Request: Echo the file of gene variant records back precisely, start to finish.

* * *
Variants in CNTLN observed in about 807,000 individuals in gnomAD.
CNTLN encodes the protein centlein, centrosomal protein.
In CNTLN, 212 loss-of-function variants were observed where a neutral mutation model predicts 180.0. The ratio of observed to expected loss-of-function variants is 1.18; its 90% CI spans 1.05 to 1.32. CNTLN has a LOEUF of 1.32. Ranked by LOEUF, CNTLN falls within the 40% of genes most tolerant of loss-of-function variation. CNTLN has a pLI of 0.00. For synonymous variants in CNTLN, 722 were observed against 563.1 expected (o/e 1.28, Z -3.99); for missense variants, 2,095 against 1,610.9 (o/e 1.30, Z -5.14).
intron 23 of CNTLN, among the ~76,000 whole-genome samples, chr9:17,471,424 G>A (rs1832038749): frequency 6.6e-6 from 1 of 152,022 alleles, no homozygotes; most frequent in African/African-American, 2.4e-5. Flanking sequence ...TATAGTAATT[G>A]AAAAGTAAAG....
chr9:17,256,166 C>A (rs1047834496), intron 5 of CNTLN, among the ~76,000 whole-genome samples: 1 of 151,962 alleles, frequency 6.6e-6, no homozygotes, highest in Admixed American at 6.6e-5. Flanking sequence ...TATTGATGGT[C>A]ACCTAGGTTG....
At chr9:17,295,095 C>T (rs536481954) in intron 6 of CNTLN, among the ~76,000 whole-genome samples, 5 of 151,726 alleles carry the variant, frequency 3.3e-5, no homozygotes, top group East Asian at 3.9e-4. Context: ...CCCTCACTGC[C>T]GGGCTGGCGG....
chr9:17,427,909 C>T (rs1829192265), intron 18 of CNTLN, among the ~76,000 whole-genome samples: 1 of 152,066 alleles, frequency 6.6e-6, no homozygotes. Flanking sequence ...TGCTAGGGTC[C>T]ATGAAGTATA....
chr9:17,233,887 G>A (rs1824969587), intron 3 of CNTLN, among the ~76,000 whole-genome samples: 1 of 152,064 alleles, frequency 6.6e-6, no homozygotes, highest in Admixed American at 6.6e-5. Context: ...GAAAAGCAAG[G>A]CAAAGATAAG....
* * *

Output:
Variants in CNTLN observed in about 807,000 individuals in gnomAD.
CNTLN encodes the protein centlein, centrosomal protein.
In CNTLN, 212 loss-of-function variants were observed where a neutral mutation model predicts 180.0. The ratio of observed to expected loss-of-function variants is 1.18; its 90% CI spans 1.05 to 1.32. CNTLN has a LOEUF of 1.32. Ranked by LOEUF, CNTLN falls within the 40% of genes most tolerant of loss-of-function variation. CNTLN has a pLI of 0.00. For synonymous variants in CNTLN, 722 were observed against 563.1 expected (o/e 1.28, Z -3.99); for missense variants, 2,095 against 1,610.9 (o/e 1.30, Z -5.14).
intron 23 of CNTLN, among the ~76,000 whole-genome samples, chr9:17,471,424 G>A (rs1832038749): frequency 6.6e-6 from 1 of 152,022 alleles, no homozygotes; most frequent in African/African-American, 2.4e-5. Flanking sequence ...TATAGTAATT[G>A]AAAAGTAAAG....
chr9:17,256,166 C>A (rs1047834496), intron 5 of CNTLN, among the ~76,000 whole-genome samples: 1 of 151,962 alleles, frequency 6.6e-6, no homozygotes, highest in Admixed American at 6.6e-5. Flanking sequence ...TATTGATGGT[C>A]ACCTAGGTTG....
At chr9:17,295,095 C>T (rs536481954) in intron 6 of CNTLN, among the ~76,000 whole-genome samples, 5 of 151,726 alleles carry the variant, frequency 3.3e-5, no homozygotes, top group East Asian at 3.9e-4. Context: ...CCCTCACTGC[C>T]GGGCTGGCGG....
chr9:17,427,909 C>T (rs1829192265), intron 18 of CNTLN, among the ~76,000 whole-genome samples: 1 of 152,066 alleles, frequency 6.6e-6, no homozygotes. Flanking sequence ...TGCTAGGGTC[C>T]ATGAAGTATA....
chr9:17,233,887 G>A (rs1824969587), intron 3 of CNTLN, among the ~76,000 whole-genome samples: 1 of 152,064 alleles, frequency 6.6e-6, no homozygotes, highest in Admixed American at 6.6e-5. Context: ...GAAAAGCAAG[G>A]CAAAGATAAG....